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  1. On the second one, it looks like there are the chalk marks to guide the sewing? The quality of the sun makes a difference. What was the slit for?
  2. 1950s-70s Taiwan wings are more like the US WWII style. Those are like the WWII style, but I don't think this one is WWII. I heard these are like reunion wing pieces. 1980s the ROCAF changed it back to the WWII style, but in silver color. Pictured, some of the wings I have, is a WWII wing on top and the bottom three are 1950s-70s issue.
  3. Found the article and it was an good read to know about his time in China and to help the Nationalist after the war. "His last assignment was that of Staff Engineer of the U. S. Military Advisor Group to China, whose mission was to train the Chinese Nationalist Armies. The function of this mission was prevented by our State Department, which has continually blocked aid to Nationalist China. His deepest regret has always been the complete dearth of accurate information supplied to the American people about the situation in the Far East." Too bad for him the State department were filled with
  4. 二四瓦入 2-4 watts? Maybe that is what it says. I used my phone, using the google translate app.
  5. I wouldn't know. Ben, your wife may be right, but I don't know. I asked a few other of my friends, they said they never heard of this, and don't know either. I don't recall seeing the ROC of Japanese dating being written in full number format. Allan, yeah its very biased. A lot of historians from what I see are heavily influenced with communists or the damaged caused by Stilwell. Even Mao admitted that if it wasn't for the Japanese, he wouldn't have defeated the Nationalists. Truman ended the Executive HQ early in 1947 as Marshall became secretary of state. Not sure why the US was wil
  6. Not sure what you meant by "complex" and "simple." Simple: 一二三四五 Complex: 壹貳參肆伍 ?? From what I am assuming, the "complex" numbers are usually used for money transactions, such as printing on banknotes. Like one for example: 一 vs 壹. Japanese banknotes use 壹 too. Because somebody can turn a 一 into a 十, so it is written 壹 and 拾 instead. I never heard of the Chinese and Japanese using "complex" and "simplified" numbers, as I am Chinese myself... I don't understand why people assume Asian stuff at times Can you show me those historical sites? Never seen that before. It can be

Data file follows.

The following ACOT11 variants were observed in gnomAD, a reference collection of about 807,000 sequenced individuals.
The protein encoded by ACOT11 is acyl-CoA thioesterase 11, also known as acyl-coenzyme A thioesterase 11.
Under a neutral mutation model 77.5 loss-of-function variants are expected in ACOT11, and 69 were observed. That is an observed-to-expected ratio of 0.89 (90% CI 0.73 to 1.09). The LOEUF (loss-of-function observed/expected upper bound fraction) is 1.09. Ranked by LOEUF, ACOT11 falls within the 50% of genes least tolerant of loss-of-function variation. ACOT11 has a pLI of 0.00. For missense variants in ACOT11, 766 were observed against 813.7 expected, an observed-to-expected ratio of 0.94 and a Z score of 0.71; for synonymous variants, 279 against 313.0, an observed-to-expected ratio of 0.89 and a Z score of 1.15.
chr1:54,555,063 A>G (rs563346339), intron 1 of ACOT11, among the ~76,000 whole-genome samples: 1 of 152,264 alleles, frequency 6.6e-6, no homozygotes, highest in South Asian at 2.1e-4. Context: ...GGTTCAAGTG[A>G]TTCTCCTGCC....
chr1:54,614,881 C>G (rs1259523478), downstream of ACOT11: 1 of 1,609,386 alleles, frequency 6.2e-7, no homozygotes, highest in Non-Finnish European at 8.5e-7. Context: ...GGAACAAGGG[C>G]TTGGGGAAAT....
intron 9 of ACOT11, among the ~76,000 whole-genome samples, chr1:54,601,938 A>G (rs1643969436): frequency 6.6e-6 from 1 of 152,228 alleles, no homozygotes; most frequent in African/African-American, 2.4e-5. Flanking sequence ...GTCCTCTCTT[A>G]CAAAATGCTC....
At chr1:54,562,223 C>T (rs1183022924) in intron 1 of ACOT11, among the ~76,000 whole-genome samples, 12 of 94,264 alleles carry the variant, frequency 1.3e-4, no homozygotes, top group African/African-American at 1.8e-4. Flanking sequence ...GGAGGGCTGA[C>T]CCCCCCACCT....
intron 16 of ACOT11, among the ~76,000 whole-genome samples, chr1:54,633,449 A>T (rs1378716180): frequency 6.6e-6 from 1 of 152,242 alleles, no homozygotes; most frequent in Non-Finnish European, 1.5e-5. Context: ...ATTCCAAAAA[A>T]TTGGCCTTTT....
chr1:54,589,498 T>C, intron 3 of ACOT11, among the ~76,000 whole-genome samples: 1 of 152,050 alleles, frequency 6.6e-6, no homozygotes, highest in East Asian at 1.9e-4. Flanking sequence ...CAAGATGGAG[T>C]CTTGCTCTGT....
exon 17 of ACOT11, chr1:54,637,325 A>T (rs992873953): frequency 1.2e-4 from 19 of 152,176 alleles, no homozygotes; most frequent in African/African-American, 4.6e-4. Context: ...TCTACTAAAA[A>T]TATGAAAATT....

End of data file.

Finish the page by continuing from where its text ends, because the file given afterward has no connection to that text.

7. Not WWII. On the back is the Republic of China dating. Dated January 1946.
  8. world war I nerd, Thank you for your very detailed response! I appreciate your time to help me on this. I heard that wool is more breathable and helps circulate air and remove moisture or something like that?
  9. I recently bought an enlisted summer tunic. Did they wear these in Europe? I couldn't really find an answer in the forum or online. What trousers would have been worn with it? I don't know much about WWI stuff, not sure if I got the name right... Thanks!
  10. 7th Class. Do you still have his documents for the medal in Chinese and English?
  11. Yes, they go together. The medal is in the shape of the ancient Chinese spade coin. The letter explains it all.
  12. Cloud and Banner 4th and 6th class. Precious Tripod is correct on ID by JBFloyd. I think he had to be somewhere in the CBI theater to have received those Chinese awards as they do require assistance to the Chinese national government for it to be awarded. I don't think being in the Pacific would have entitled him to it. It could be his service post war, but I don't think many were in the assisting role, but just a few advisors probably. Most Chinese medals were awarded in 1945-1946 period to American servicemen for their assistance in the CBI.
  13. 勝利 = victory as mentioned by Ben Any pictures of the reverse? How big is it? Nice looking pin.
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